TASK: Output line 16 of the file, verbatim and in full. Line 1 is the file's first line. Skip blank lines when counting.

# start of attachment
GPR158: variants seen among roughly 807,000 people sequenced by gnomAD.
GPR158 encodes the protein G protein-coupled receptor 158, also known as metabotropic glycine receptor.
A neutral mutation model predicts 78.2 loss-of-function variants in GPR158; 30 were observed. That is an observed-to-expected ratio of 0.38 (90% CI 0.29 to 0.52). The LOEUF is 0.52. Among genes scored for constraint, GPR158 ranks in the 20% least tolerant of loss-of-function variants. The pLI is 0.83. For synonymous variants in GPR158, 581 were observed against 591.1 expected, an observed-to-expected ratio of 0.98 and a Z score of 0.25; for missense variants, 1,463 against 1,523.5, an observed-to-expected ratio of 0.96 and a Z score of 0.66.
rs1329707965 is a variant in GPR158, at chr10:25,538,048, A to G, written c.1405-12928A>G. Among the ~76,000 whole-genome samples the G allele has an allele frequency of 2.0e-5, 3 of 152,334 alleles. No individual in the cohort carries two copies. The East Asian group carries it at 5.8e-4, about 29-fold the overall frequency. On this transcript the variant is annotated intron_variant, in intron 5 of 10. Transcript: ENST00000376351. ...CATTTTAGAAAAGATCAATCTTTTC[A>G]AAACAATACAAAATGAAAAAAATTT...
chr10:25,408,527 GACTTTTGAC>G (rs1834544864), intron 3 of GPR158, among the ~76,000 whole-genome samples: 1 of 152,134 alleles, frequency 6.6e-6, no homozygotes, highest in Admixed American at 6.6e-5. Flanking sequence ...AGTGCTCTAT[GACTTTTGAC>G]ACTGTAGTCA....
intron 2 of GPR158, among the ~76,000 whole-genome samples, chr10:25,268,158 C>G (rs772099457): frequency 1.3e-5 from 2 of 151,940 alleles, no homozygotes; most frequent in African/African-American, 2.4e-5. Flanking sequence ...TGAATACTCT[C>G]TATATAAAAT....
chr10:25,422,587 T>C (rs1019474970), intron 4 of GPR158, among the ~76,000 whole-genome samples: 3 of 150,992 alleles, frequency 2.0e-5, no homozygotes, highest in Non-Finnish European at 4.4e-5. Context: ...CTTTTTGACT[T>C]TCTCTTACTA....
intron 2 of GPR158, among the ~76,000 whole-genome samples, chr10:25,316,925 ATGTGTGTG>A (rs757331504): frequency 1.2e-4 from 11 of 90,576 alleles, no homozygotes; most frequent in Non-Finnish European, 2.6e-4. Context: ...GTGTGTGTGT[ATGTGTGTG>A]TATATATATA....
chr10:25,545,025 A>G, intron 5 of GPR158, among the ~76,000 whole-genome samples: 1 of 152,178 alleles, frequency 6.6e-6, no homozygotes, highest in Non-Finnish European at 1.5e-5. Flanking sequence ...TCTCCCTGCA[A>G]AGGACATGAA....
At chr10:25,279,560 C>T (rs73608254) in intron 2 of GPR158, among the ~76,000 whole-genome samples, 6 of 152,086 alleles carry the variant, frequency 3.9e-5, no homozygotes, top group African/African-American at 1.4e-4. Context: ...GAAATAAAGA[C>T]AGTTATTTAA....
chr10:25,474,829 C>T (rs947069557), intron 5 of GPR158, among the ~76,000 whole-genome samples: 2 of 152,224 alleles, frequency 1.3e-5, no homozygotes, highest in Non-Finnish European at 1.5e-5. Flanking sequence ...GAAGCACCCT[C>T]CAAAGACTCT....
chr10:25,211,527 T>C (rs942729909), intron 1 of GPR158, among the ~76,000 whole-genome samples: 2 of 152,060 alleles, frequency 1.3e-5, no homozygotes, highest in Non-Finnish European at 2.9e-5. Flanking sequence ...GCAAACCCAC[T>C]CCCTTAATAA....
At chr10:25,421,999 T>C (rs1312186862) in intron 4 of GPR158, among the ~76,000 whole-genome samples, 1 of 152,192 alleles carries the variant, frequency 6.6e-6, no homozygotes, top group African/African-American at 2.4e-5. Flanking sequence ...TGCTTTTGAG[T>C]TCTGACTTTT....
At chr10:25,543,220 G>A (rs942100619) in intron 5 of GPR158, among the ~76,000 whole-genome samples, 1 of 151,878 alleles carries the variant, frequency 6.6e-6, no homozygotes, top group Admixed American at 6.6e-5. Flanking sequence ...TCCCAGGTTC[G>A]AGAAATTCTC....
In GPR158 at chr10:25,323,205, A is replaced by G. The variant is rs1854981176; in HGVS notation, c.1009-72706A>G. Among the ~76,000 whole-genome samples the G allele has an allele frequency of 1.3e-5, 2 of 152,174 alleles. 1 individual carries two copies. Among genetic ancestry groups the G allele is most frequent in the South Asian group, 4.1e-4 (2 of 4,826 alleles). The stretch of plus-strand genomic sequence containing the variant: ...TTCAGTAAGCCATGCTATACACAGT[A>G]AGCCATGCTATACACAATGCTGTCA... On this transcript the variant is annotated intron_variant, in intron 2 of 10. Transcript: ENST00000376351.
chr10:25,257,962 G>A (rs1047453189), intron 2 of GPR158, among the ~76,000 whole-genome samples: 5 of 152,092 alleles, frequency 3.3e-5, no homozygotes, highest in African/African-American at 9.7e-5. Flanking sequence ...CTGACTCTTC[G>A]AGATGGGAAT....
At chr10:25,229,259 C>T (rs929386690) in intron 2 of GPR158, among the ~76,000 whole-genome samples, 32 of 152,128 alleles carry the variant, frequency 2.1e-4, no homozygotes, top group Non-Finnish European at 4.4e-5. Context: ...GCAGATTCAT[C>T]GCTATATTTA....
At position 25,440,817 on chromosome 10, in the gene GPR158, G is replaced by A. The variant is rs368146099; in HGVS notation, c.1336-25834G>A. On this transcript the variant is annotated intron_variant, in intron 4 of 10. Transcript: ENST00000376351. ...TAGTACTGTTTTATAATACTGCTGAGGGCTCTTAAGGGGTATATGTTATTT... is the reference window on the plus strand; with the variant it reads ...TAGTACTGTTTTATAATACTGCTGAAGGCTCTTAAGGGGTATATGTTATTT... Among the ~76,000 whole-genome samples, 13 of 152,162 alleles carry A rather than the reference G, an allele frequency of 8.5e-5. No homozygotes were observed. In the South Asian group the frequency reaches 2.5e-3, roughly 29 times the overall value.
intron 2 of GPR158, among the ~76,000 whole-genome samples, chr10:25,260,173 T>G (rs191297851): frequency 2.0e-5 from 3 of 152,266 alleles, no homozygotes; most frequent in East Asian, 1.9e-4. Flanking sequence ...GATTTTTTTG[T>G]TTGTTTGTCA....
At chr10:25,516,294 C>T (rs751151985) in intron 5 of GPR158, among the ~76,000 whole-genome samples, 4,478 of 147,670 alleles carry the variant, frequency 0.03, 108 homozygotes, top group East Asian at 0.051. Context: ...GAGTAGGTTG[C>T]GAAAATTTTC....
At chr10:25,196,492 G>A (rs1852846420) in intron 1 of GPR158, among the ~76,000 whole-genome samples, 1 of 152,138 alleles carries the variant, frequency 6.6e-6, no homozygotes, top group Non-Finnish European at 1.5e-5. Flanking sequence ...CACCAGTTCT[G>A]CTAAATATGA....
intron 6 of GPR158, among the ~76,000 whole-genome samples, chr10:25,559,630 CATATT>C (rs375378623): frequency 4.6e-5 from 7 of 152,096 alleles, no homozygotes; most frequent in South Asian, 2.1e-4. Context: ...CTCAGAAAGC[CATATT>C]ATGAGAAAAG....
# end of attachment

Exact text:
chr10:25,257,962 G>A (rs1047453189), intron 2 of GPR158, among the ~76,000 whole-genome samples: 5 of 152,092 alleles, frequency 3.3e-5, no homozygotes, highest in African/African-American at 9.7e-5. Flanking sequence ...CTGACTCTTC[G>A]AGATGGGAAT....